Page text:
The Beatles - A Day in The Life: November 24, 1966

Studio Two, EMI Studios, London

And so the beatles entered the new phase of their career! No longer the tidy, smiling "Fab Four", singing boy/girl pop songs on stage. Now they were the casually dressed, sometimes mustacioed, not always smiling Beatles who would make the greatest ever batch of rock recordings at and for their merest whim, strictly not for performing on stage.

John, Paul, George and Ringo had scarely spent a day together since early September.  Now they had decided to reunite and begin recording a new album. "Strawberry Fields Forever" captured in one song much of what the Beatles had learned in the four years spent inside recording studios, and especially 1966, with its backwards tapes, vari-speeds and uncommon musical instruments. And it could only have been born of a mind (John Lennon's) under the influence of outlawed chemicals. Strawberry Field is a Salvation Army home in Liverpool, around the corner from where John was brought up. He went there for summer fetes and had called the surrounding wooded area Strawberry Fields. "Strawberry Fields Forever" evoked those childhood memories through a dreamy, hallucinogenic haze. It was, and remains, one of the greatest pop songs of all times.
It is also known, correctly, for being among the most complicated of all Beatles recordings, changing shape not once but several times. Take one, recorded from 7:00 pm to 2:30 am in this first session, was certainly far removed from the final version, the only similarity being a mellotron introduction. (The precursor of the synthesier, this instrument contained tapes which could be "programmed" to imitate another instrument, in this instance a flute.) By 2:30 am take one sounded like this: simultaneous with the mellotron, played by Paul, was John's first lead vocal, followed by George's guitar, Ringo's distinctive drums (with dominant use of tomtoms), maracas, a slide guitar piece, John's double-tracked voice and scat harmonies by John, Paul and George. The song came to a full-ending with the mellotron. The entire take was recorded at 53 cycles per second so that it sped up on replay, but still it lasted only 2 minutes, 43 seconds.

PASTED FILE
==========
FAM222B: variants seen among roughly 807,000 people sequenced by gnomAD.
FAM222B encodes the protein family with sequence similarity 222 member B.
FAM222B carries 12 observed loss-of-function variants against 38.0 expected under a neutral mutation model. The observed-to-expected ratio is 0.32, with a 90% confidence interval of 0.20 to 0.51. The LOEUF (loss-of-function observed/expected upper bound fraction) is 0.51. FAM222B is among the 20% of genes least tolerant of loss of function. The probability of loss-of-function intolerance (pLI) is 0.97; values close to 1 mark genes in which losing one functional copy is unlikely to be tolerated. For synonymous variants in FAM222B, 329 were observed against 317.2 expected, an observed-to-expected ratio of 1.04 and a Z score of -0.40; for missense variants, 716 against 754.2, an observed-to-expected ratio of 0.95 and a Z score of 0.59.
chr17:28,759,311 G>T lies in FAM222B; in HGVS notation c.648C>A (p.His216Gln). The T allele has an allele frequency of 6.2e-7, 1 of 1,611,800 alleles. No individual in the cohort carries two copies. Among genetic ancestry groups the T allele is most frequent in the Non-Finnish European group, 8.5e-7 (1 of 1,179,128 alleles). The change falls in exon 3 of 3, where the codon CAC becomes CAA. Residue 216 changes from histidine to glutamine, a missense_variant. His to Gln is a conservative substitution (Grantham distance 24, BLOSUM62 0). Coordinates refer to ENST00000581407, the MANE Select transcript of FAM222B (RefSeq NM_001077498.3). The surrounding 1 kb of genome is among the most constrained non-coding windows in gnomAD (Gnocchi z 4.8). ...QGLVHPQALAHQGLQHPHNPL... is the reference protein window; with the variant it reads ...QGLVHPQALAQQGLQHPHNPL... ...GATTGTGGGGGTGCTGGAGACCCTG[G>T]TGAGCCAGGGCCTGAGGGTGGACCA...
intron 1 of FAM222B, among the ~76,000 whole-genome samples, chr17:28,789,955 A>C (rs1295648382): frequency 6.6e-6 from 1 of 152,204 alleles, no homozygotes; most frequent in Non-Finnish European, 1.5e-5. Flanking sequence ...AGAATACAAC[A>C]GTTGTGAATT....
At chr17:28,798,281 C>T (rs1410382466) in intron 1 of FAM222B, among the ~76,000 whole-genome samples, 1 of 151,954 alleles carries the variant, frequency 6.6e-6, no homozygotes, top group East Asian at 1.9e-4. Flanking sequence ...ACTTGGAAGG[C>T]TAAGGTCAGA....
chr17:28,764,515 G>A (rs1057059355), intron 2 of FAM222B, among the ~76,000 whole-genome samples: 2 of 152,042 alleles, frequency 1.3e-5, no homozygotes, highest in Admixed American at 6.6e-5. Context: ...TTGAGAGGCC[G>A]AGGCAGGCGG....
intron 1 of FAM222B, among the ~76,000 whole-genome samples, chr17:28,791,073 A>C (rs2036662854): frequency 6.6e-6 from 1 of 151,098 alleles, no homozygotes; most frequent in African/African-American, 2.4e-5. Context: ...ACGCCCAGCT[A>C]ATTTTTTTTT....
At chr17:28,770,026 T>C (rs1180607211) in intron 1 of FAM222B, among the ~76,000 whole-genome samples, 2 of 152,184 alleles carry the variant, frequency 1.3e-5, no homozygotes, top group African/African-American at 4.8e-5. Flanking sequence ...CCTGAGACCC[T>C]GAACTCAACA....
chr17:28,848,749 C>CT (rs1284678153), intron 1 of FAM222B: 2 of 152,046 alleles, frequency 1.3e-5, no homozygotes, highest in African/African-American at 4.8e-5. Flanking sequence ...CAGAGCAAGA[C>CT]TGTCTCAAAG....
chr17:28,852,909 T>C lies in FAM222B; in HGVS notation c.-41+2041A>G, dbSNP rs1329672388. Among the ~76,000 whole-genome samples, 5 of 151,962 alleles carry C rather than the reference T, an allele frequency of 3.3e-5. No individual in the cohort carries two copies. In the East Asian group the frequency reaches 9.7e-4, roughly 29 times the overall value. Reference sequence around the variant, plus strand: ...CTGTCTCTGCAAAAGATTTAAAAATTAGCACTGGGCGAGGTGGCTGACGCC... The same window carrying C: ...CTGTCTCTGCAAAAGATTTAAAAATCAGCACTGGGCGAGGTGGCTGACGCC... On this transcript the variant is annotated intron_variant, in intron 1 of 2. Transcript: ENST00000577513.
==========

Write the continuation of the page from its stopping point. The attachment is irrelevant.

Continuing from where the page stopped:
Source: The Complete Beatles Chronicle - Mark Lewisohn

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